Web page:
“Gender has traditionally been very prescriptive and binary, but the general conversation is definitely moving toward it being far more fluid than that,” Nelson Freitas, chief strategy officer at Wunderman, said. “People have begun to protest against convention in favor of more tolerance, diversity and acceptance.”
This is particularly discernible among the millennial and Gen-Z cohort, experts say. Both generations bridle at being boxed in and shrug off conventional classifiers, as revealed in the the results of a recent survey by The Innovation Group and JWT Intelligence, the trend-forecasting arm of J. Walter Thompson. In the survey, 38 percent of Gen-Z respondents and 27 percent of millennial respondents “strongly agreed” that gender no longer defines a person as much as it used to.
“Gender and sexuality is being challenged by these generations,” said Shepherd Laughlin, director of trend forecasting at J. Walter Thompson Worldwide.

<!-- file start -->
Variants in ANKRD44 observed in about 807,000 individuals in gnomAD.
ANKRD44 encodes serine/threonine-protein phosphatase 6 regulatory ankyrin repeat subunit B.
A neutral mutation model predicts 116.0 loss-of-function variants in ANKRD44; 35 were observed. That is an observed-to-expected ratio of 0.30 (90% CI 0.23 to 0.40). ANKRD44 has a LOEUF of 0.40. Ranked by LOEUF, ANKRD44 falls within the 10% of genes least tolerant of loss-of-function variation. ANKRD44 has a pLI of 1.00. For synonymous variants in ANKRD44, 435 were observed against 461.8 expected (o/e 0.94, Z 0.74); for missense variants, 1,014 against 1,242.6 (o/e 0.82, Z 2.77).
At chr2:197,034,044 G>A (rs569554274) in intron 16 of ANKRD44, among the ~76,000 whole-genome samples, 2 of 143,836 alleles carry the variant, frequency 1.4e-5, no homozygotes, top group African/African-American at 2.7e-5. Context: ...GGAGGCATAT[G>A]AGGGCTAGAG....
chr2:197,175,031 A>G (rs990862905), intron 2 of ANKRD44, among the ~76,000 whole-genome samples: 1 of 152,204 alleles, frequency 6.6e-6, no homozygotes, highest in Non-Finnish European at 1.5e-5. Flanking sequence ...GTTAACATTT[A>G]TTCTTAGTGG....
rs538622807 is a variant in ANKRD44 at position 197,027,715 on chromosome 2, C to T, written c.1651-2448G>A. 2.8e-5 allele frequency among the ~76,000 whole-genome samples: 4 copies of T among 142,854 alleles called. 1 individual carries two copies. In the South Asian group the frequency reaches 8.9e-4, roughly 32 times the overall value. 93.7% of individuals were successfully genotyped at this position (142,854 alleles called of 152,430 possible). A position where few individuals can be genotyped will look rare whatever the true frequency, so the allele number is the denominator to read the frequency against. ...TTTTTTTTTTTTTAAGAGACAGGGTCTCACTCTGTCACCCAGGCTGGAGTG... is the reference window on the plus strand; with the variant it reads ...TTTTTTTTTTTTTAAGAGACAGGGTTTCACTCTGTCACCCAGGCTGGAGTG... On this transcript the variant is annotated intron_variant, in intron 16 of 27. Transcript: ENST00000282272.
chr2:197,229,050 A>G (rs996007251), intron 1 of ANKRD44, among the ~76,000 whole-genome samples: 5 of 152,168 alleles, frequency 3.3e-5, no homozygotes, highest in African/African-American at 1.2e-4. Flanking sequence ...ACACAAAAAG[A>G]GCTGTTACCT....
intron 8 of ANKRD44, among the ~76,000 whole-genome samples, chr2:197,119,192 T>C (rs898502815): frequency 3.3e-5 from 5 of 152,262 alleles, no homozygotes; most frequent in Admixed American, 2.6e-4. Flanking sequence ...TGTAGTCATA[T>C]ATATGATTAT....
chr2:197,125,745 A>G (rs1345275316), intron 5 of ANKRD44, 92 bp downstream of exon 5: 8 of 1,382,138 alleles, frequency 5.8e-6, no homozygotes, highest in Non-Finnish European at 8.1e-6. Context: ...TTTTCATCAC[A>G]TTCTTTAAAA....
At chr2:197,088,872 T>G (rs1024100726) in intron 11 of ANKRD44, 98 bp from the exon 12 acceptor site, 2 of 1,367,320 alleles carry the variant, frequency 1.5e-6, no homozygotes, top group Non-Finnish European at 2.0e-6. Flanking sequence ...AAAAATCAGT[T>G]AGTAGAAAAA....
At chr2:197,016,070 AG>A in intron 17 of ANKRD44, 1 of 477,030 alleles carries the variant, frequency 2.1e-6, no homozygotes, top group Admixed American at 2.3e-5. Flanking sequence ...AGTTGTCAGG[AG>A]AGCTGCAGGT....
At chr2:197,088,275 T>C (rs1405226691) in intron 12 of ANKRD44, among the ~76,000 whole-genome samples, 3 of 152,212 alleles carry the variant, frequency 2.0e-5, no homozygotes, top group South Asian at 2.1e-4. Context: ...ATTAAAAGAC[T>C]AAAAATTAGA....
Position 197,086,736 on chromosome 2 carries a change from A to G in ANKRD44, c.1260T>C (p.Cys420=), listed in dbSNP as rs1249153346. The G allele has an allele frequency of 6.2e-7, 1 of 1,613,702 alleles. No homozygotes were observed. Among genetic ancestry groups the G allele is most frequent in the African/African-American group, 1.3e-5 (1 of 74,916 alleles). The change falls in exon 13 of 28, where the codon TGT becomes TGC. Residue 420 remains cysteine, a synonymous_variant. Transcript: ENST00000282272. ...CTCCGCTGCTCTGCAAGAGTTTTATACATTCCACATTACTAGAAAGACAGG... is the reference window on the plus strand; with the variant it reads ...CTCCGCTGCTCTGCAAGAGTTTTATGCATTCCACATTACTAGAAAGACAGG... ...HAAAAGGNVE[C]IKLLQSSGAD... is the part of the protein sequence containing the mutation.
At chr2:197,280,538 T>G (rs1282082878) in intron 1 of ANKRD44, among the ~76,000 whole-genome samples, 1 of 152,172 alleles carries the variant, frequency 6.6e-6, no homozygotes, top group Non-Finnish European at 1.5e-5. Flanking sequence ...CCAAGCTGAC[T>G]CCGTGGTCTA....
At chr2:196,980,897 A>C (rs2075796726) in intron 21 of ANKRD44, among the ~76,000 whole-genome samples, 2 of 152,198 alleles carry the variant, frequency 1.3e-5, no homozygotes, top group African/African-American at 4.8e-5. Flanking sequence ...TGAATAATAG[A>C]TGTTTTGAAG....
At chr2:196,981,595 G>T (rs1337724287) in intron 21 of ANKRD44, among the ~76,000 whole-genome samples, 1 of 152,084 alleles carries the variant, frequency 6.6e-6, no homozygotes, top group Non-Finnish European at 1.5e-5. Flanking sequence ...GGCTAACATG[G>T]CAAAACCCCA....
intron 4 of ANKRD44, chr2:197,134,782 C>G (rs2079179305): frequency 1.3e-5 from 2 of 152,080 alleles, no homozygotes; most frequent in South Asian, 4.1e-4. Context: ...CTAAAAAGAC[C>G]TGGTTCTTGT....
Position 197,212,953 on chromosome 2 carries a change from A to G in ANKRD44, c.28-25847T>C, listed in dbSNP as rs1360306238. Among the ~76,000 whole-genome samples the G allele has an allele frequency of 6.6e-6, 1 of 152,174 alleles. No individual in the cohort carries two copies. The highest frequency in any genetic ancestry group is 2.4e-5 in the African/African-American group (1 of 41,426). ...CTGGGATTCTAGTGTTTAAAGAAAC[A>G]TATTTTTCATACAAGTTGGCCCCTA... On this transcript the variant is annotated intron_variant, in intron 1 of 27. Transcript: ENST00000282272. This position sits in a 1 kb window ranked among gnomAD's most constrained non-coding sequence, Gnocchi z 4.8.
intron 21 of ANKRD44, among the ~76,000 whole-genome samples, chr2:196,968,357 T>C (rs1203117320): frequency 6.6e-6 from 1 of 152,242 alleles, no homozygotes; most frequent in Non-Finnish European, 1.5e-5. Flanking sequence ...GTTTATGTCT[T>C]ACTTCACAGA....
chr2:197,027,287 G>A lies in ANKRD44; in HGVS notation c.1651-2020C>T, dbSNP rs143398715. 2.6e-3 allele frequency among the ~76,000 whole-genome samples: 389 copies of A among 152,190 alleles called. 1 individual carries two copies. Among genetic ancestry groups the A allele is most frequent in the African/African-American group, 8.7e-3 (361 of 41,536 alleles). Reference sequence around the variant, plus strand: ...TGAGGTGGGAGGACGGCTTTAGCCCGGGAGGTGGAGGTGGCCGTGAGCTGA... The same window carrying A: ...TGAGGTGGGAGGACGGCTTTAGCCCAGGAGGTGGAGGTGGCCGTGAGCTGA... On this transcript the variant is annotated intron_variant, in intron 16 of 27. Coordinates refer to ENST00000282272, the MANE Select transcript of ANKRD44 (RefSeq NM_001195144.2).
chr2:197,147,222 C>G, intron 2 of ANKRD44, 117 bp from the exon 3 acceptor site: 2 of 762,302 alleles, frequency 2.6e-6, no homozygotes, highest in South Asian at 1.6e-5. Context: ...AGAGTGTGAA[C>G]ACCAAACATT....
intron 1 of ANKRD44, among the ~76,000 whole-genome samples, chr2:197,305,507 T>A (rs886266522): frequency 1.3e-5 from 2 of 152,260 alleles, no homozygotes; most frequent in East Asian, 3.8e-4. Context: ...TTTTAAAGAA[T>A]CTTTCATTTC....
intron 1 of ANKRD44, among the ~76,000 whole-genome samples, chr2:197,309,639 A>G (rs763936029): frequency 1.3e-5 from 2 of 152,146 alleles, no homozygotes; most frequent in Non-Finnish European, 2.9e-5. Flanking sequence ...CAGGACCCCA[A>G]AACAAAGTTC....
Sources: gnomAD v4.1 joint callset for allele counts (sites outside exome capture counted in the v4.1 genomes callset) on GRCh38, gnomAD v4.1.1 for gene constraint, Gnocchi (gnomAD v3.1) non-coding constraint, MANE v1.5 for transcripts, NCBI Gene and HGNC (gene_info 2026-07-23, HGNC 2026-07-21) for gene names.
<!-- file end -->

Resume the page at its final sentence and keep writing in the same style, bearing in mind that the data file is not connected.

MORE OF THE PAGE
These are also generations that have far higher brand loyalty than previous generations — and are yet are more skeptical of conventional branding at the same time. Only 39 percent and 44 percent of Gen-Z correspondents respectively admitted to always buying shoes and clothes geared specifically to their gender.
“It’s not a big deal to them to be gender fluid; it’s just their lives,” said Sparks & Honey’s Mahoney. “They’re using gender neutral pronouns; they’re cognizant of cisgender and transgender — it feels natural to them to think and say those things, where even enlightened older people are tripping over themselves trying to get it right.”
Brands, for their part, are increasingly realizing that it is shortsighted to market to people based on gender and are beginning to respond to this shift in the cultural zeitgeist. Take Coca-Cola, which recently came out with the campaign “Dude or Diva” with agency Wunderman for the cans it created specifically for 7-Eleven. Grounded in the insight that teens don’t like being labeled or marketed to, it offered them the chance to share both sides of their personalities — the dude side as well as the diva side.